Rabbi Michael Barclay
Interfaith: God can always make light last in the midst of darkness
Updated: Dec 22, 2021
Between the recent massacre at the synagogue in Pittsburgh, the horrific shooting at the Borderline Bar & Grill and the terrible fires in our area and all of California, it at first may seem difficult to get into the “holiday spirit” of Hanukkah and Christmas. But because of that darkness, it’s so important that we all truly embrace the essence of these holidays.
As a rabbi, I try to stay away from commenting on Christmas and leave that to my Christian colleagues. But Hanukkah has teachings hidden within it that have meaning for people of all faiths, especially in the wake of recent tragedies.
Most people think Hanukkah is either about giving gifts or about the military victory of the Maccabees in 167 BCE and the subsequent miracle of one day’s worth of holy oil for the eternal light of the temple lasting for eight days.
The holiday actually has biblical roots found in the book of Genesis, Chapter 50. There we find that Jacob, the father of the 12 tribes, dies on the first evening of the holiday of Sukkot.
The Egyptians mourn him for 70 days, and then the Hebrews travel, have a great eulogy and Joseph ordains that he will always be remembered for another seven days, making it a total of an eight-day festival beginning 70 days after Sukkot. If we look at the Hebrew calendar, we find that this eight-day festival begins on the first night of what we now call Hanukkah.
Our ancestors were observing a memorial for Jacob, who brought all of his children together and is known for creating spiritual community and structure. Like many cultures, Judaism lights candles in memory of our departed. The book of Proverbs teaches that “the soul of man is the candle flame of God."
So the lights that we light this week have multiple intentions. We remember how Jacob built a community; we remind ourselves of how God can always make light last in the midst of darkness; and we re-commit ourselves to bringing more light into the world.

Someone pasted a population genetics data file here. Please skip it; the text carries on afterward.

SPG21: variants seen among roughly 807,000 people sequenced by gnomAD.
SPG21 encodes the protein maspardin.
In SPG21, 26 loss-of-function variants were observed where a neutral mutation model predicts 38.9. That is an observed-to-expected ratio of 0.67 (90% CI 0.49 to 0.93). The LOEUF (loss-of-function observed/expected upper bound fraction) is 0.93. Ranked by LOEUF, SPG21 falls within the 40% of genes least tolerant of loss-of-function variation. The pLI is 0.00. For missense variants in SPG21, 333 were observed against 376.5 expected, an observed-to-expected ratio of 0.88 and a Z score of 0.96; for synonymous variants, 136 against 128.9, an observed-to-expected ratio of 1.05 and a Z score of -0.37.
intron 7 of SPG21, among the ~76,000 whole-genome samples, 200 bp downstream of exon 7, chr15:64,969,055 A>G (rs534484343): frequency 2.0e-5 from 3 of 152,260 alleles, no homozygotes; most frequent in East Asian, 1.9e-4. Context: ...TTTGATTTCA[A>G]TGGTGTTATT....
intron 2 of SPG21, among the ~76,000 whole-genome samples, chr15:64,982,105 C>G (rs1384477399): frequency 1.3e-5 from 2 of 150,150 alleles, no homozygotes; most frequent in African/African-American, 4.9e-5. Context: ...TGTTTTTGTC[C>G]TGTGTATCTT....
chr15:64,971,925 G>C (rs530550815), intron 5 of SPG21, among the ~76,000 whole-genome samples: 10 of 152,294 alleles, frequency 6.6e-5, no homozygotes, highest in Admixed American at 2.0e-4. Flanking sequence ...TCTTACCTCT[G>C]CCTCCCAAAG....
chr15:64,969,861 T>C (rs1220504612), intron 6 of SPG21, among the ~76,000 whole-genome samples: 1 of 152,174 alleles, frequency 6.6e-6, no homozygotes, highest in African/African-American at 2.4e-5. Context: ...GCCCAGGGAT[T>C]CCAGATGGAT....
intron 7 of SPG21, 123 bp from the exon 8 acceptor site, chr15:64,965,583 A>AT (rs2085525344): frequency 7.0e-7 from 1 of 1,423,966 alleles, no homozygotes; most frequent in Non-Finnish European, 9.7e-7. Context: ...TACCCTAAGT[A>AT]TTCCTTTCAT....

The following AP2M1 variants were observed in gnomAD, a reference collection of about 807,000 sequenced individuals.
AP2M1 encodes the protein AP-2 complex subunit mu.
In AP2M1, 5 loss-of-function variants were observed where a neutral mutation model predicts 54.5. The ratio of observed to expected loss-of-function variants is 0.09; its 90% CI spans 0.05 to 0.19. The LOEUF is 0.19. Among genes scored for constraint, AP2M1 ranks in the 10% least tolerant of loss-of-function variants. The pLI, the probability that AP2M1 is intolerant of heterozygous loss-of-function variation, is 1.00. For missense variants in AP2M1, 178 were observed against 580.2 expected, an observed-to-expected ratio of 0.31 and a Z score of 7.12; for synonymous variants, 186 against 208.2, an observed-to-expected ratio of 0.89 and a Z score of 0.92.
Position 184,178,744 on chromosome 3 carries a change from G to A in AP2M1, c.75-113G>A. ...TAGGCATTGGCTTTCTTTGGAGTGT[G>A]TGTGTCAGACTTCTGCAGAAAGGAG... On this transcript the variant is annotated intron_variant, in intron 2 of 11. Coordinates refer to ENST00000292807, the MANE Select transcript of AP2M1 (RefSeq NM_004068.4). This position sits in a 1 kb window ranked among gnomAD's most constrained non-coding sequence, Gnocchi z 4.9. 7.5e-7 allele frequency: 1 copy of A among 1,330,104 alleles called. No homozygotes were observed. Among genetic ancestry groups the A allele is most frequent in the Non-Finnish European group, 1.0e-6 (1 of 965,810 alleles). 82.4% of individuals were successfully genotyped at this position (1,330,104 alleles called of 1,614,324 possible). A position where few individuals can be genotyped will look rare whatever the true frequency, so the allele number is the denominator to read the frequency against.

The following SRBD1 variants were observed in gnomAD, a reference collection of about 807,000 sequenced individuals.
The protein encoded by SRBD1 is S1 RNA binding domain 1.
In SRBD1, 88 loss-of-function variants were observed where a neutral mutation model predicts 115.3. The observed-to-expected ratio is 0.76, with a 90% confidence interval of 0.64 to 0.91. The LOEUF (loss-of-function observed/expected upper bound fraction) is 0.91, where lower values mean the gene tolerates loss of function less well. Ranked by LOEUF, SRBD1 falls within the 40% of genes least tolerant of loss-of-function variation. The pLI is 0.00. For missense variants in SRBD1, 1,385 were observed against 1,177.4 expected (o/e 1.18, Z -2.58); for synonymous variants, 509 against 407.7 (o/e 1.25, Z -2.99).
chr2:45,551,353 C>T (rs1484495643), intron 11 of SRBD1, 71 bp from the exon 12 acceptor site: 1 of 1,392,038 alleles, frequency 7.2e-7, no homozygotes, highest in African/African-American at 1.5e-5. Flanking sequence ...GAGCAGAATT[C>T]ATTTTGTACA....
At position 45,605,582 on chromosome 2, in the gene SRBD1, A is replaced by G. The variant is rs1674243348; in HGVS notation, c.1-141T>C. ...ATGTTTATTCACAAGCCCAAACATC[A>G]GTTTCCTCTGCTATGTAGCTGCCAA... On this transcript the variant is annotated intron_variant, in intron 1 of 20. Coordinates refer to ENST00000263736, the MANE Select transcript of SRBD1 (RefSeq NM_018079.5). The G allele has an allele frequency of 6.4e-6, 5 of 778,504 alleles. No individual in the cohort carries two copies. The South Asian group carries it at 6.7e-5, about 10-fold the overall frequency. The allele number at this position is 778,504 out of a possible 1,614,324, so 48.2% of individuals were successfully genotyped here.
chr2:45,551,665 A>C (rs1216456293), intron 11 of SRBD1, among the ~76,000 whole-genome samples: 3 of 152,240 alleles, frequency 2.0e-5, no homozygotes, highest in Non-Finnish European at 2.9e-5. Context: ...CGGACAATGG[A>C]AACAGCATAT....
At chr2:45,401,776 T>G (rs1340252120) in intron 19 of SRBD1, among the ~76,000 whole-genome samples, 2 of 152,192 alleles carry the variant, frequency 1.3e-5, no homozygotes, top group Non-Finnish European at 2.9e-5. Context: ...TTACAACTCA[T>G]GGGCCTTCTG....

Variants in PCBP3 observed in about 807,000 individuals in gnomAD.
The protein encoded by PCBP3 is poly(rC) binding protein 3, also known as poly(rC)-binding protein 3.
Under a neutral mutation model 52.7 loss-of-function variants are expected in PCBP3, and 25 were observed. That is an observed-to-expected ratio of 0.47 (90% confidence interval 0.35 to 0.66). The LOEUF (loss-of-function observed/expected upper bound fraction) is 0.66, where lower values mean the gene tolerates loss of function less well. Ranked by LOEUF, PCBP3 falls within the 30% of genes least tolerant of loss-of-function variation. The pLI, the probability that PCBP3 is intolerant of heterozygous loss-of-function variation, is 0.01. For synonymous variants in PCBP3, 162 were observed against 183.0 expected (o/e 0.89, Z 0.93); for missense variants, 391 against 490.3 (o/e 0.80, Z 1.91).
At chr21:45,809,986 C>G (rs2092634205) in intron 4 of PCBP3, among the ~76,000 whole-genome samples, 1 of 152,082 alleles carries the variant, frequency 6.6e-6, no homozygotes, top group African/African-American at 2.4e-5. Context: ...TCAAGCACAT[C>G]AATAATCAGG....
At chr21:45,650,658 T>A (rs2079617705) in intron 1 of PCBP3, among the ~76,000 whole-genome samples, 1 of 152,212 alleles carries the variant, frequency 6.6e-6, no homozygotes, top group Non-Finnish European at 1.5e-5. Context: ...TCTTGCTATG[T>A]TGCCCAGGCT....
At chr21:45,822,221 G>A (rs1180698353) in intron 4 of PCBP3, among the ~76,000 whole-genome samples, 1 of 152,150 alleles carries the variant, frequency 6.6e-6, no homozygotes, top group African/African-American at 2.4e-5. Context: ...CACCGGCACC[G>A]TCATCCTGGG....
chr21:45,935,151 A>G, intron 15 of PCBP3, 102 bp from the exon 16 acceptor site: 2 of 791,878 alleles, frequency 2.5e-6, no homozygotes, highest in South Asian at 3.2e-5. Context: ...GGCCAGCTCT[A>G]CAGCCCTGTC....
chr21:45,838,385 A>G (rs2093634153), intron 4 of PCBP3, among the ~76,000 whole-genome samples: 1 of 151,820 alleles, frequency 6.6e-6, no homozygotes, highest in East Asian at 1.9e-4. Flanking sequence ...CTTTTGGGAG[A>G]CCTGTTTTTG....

All Jewish holidays are meta-historical, meaning that they have a base in a historical occurrence and simultaneously a teaching that can be utilized in modern times. The word Hanukkah means “dedication,” and especially after tragedies, it becomes imperative that we dedicate ourselves to our highest values — of taking care of each other, building healthy communities and respecting each other even if we disagree theologically, politically or in any other way.
We need to dedicate ourselves to these values through action, not just words. Invite someone of a different political view to your home for a holiday meal or ask if you can join them at their temple for the lighting of candles or at their church for Christmas Mass. In the wake of the darkness, we must learn to both shine our own lights and to cherish the light and beauty of our neighbors.
I enjoin everyone to both celebrate your holiday, and appreciate the holiday of others in our community. Our temple’s annual Hanukkah candle-lighting takes place at The Stonehaus at 6 p.m. Dec. 7, and I look forward to seeing members of our community from all different faiths join us in rededicating our lives to keeping the light of the holidays alive and bright … and don’t be surprised if you see me at one of your Christmas celebrations.
May our entire community be blessed with healing and joy, and may the light of this season bring us all peace, prosperity and love now and throughout the coming year.